7 1938] JUDICIAL WITHOUT JURISDICTION 67 IMMUNITY judge presiding A court a jurisdiction, however, may of over general much upon though broader rely a setting, For limits. without not even the jurisdiction Court is regulated and limited by Con- of the Supreme judicial statute The concept of an unlimited stitution, and decision. jurisdiction, in all-powerful to act under all circumstances, ever reserve, justice if is non-existent only requires, practice. it is true in However, a that judge for of general of "immunity" jurisdic- court a jurisdiction, presumed, though rebuttable.'5 For his brother, sitting in a tion is court limited of jurisdiction, be in But the ultimate issue must it shown. is the same: Were there both cases, facts before the sufficient judge to the exercise of his judicial function in the field of rights require to his allocated court? to In of abstract the problem addition also must jurisdiction, there the difference between the court, as be consti- considered technically and judge who presides tuted, the it. court may be duly over The the judge fully empowered to act as such; yet unauthorized organized; to act judge of said court. The distinction as court and between judge 0 been court has well-recognized:' defined "A be: 'an is to organized with defined powers, meeting body, certain times and places for the at hearing decision of cases and and matters brought before other it, and aided in its proper business by its proper officers.' Matter Choate, 24 of N. C. 'A place where justice is judiciously administered. Abb. 430-433. consisting A properly composed of persons is of the judge - - court * and other proper officers, united or in a civil judges together organiza- invested by law with the and tion, for the adminis- functions requisite of justice * ::* * tration court is clearly an organization invested by The law certain functions for the administration of justice'." with does to a court does or that not have jurisdiction, is Therefore, say unconcerned with any conclusion utterly may be reached as to which whether presiding over a court a judge empowered to decide whether is he has jurisdiction of either subject-matter or of persons, and to act accordingly. It very well be that a court has jurisdiction of subject- may presiding and but that a judge, persons, over matter of was not it, to that duty, and that, therefore, assigned personal acts were coram his non And it may also be judice." a justice is acting entirely within that the authority vested in him, but through a court which is not entitled in to the subject, as, for instance, on cases in which extraordinary act 15. Ibid. 16. See People v. Rotolo, 61 Misc. 579, 581, 115 N. Y. Supp. S54, 855 (County Ct. 190S). Matter of Jacobs v. Steinbrink, 242 App. 17. Div. 197, 273 N. Y. Supp. 493 (2d Dcp't 1934).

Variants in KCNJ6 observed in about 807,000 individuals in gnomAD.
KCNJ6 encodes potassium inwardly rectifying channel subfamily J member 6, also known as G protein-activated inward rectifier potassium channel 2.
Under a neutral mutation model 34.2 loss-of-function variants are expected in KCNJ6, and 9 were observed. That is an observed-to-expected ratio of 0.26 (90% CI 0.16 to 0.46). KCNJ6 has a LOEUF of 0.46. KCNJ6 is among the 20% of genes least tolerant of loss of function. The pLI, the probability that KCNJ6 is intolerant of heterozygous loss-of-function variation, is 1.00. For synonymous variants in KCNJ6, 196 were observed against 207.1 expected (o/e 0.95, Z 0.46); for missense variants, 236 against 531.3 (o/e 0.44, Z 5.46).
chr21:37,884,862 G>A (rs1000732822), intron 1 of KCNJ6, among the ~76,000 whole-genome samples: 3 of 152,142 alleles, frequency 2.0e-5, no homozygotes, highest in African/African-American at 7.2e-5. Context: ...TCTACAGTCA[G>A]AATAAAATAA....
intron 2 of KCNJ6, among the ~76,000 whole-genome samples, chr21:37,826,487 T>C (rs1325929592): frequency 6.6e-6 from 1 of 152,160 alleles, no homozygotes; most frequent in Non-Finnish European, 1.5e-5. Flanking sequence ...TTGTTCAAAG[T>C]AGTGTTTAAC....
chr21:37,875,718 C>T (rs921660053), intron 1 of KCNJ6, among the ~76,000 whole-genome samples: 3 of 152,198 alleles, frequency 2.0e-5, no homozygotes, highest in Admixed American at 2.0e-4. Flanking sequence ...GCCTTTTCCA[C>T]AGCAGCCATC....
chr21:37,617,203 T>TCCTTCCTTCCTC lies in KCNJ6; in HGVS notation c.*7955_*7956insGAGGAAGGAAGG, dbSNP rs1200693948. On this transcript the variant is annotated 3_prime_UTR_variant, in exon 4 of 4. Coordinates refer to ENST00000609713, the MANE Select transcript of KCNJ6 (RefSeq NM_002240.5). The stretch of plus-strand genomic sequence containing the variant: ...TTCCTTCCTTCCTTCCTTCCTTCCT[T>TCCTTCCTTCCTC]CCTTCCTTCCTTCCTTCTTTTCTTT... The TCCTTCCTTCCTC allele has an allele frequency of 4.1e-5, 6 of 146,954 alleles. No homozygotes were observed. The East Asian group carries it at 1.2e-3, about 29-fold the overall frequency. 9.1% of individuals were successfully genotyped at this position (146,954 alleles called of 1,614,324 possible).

8 7 [Vol. REVIEW LAW FORDHAM held to their acts and organized, been have Court Supreme the terms of 18 them. upon made were attacks when void be con- to justify these will be found authorities the of An examination princi- the basic formulate to part, failing for the most though, clusions, actual them. is not the It stated as we have which involved, are ples requiring facts sufficient of presence the judge, the of but jurisdiction for test subjective affords the which jurisdiction, own to his on pass him acts, his of validity the be what of may irrespective his own immunity, of courts both is the same, for test And this as between the parties. jurisdiction. limited and general 0 Appeals of the Court Benedict, v. Lange case of Even in our leading juris- courts of general over presiding of jifidges immunity the extended limited of a court over the presiding so judge in which a case diction, to the in and of persons subject-matter of had both jurisdiction jurisdiction, pre- so judge, that the it considered because so did it And case. particular benefits the receive involved, should there court circuit siding over the of rather than of general jurisdiction, to courts applicable rule the of jurisdiction, courts of limited to normally applicable be which that would That was an "inferior" court. was not really court circuit because the give to order in case, go, in the Lange obliged was to far court as as the defendant. the to immunity gen- of courts The distinction between general tendency. is Such the differ- for the reason fundamental lacks limited of jurisdiction, and eral in a period of purpose, served its has It arbitrary. is entirely and ence, essence, is the its be and, in all judges should rule for The transition. presiding as the as judge, he act did, did he i.e.: In whatever same, of of the class cases to determine constituted duly of officer a court judicial his of incident as an and, was one, particular the case which to his own power decide to upon called he was function, exercised, so the as void act, between an in resulted may he did, have act? What the Thus, immunity. him complete grant enough to yet valid parties, jurisdiction lacks he though may be immune, judge a clear that are cases persons. of 2 citing without an attorney disbarred judge " a in Bradley v. Fisher, So, sued the attorney heard. The to opportunity be an him giving or him jurisdic- "... where immune: judge was the that court held judge. The court or the in the judge by law invested is matter the subject over tion Y. N. of Richardson, 247 697 (1864); Matter U. S. States, 117 United v. 18. Gordon Y. N. App. 177 164 Div. 663, of Mitchell v. Cropsey, (1928); E. Matter N. 655 401, 160 Y. N. 166 535, Sawyer, 179 App. Div. Matter McIntyre of v. Dep't 1917); (2d 336 Supp. Dep't 1917). Supp. (1st 631 N. (1878). 12 73 19. Y. (1871). 80 S. 335, 352 20. U.